An aerial view of Washington D.C

There have been times when I have felt small because I was homeless.

In the city where I was homeless, a security officer followed me when I was in the store — I believe it was the feeling that I might steal something. At a movie theatre, I was told I could not buy a ticket because I had bags with me. One of the most startling things to happen was that a passerby simply spit at me. At least he spit near me and I had a canvas bag with me.

Even now, when I have housing, I can feel belittled and hurt by the responses of people at times. They can see my bag with papers in it and I think they believe I am homeless. Or maybe they know that I sell a street newspaper. Store clerks offer to help me probably hoping to rush me out of the store. At other times, it seems like people look for a seat somewhere else on the bus and appear to prefer not to sit beside me because they see a bag full of something.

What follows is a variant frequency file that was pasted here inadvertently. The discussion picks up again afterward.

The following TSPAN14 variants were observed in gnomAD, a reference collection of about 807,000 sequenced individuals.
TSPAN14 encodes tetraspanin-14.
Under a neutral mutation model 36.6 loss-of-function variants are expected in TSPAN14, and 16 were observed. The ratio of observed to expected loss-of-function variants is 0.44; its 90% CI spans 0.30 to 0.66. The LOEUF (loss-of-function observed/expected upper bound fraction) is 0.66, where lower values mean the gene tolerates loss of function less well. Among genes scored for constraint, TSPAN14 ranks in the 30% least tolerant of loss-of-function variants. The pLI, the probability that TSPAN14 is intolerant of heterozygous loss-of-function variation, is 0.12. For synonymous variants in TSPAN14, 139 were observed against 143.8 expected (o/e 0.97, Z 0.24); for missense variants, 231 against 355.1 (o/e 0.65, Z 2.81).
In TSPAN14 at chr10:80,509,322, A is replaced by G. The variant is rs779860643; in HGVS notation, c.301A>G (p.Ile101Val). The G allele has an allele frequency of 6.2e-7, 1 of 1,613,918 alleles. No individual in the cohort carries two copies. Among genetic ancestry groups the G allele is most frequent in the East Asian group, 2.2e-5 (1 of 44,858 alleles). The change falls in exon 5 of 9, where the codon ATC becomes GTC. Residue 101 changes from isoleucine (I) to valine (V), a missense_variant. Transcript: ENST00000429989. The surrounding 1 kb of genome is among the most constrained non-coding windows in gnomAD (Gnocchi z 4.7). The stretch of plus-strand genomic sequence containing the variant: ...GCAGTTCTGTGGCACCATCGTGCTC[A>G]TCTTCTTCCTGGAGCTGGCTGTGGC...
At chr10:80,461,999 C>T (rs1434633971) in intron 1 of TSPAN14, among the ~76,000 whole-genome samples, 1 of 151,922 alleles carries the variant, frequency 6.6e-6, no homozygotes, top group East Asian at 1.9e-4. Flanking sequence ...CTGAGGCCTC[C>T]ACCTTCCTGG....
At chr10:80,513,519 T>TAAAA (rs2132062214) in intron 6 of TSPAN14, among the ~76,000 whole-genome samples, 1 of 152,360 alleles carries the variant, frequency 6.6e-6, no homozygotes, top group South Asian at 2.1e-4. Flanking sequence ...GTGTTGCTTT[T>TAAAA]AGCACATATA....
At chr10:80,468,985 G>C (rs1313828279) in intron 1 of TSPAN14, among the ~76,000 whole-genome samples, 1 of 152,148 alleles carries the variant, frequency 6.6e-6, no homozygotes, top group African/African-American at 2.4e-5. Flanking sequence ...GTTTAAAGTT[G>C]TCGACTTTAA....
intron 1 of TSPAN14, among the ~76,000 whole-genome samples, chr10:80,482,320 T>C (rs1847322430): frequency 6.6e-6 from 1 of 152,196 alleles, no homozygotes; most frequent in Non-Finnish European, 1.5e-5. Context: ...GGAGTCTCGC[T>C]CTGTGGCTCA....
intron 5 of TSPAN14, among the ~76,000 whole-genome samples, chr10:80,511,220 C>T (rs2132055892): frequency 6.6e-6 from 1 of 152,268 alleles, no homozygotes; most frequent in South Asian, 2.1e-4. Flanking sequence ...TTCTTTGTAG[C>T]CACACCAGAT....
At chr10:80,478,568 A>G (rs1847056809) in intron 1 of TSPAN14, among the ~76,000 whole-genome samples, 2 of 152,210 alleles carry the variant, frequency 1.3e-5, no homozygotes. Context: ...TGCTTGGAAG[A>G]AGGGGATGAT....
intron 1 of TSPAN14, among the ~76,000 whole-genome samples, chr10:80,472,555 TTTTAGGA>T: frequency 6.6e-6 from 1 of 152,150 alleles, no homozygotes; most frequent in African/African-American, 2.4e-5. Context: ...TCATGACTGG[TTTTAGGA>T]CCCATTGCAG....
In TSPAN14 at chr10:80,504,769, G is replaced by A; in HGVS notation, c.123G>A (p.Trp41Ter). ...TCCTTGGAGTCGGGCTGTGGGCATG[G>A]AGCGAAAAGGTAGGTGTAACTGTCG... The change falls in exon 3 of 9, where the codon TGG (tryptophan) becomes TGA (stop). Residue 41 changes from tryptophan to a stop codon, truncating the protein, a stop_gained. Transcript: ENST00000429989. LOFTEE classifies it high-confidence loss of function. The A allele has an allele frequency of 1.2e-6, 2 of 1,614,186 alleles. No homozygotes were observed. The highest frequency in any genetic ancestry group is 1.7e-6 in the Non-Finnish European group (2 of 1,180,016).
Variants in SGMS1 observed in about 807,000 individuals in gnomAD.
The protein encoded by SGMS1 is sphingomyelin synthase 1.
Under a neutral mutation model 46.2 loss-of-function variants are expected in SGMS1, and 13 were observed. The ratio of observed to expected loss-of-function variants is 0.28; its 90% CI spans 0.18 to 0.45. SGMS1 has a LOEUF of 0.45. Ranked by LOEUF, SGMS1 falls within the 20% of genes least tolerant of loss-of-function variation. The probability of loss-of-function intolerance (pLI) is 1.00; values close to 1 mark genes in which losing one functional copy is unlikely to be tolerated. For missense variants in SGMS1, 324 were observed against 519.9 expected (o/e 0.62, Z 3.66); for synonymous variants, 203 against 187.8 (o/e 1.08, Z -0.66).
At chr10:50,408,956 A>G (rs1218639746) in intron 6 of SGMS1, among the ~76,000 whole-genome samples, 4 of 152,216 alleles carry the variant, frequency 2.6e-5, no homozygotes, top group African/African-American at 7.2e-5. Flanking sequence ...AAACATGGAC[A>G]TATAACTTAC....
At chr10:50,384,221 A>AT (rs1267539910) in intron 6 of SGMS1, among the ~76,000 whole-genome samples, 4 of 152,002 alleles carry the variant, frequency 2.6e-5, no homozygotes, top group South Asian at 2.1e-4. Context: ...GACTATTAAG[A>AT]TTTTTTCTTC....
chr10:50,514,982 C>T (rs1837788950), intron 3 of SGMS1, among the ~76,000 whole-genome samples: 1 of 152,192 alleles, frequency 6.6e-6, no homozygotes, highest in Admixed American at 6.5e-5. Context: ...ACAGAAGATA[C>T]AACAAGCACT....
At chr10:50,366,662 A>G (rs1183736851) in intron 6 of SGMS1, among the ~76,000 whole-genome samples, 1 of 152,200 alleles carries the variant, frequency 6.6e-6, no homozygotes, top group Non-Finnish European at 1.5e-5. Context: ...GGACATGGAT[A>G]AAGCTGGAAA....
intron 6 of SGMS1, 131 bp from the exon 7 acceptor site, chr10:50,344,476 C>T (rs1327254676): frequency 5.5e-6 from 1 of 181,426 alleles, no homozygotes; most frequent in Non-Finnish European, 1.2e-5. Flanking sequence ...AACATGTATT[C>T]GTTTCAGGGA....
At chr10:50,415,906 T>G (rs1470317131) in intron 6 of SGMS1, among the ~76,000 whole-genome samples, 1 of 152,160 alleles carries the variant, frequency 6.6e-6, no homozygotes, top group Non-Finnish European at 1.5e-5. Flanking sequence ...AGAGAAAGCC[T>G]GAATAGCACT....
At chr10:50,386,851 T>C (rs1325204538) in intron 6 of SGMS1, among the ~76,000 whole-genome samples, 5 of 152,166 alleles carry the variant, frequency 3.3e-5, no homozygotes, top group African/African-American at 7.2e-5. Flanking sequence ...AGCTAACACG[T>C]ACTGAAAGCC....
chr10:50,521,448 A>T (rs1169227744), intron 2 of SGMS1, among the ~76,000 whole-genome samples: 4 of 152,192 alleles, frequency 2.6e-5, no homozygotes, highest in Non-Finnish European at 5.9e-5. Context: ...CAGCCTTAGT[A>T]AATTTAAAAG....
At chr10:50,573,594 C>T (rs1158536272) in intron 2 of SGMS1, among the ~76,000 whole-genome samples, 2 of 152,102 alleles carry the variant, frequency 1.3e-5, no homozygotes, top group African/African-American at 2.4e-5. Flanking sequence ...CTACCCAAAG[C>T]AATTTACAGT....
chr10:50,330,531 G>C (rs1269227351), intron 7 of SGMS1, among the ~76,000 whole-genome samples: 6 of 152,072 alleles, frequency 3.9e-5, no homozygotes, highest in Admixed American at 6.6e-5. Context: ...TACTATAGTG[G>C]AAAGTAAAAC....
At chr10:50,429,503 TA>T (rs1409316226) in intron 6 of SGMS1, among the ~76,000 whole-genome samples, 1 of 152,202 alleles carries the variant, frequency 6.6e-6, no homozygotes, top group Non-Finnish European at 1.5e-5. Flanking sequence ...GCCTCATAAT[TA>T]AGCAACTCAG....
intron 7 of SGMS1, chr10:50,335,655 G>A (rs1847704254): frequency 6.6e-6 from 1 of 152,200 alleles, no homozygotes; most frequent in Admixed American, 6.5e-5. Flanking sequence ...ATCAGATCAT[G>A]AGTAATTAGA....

Of course, with all the terrorism, although not really a lot in this country, people could just be afraid of me. They see me periodically, though, on the same bus line, and the clerks see me fairly often at the same store.

Most people, though, are decent in most places and situations. We should learn to accept each other. Doing so would make for a better country.


Gwynette Smith is a Street Sense vendor and contributor.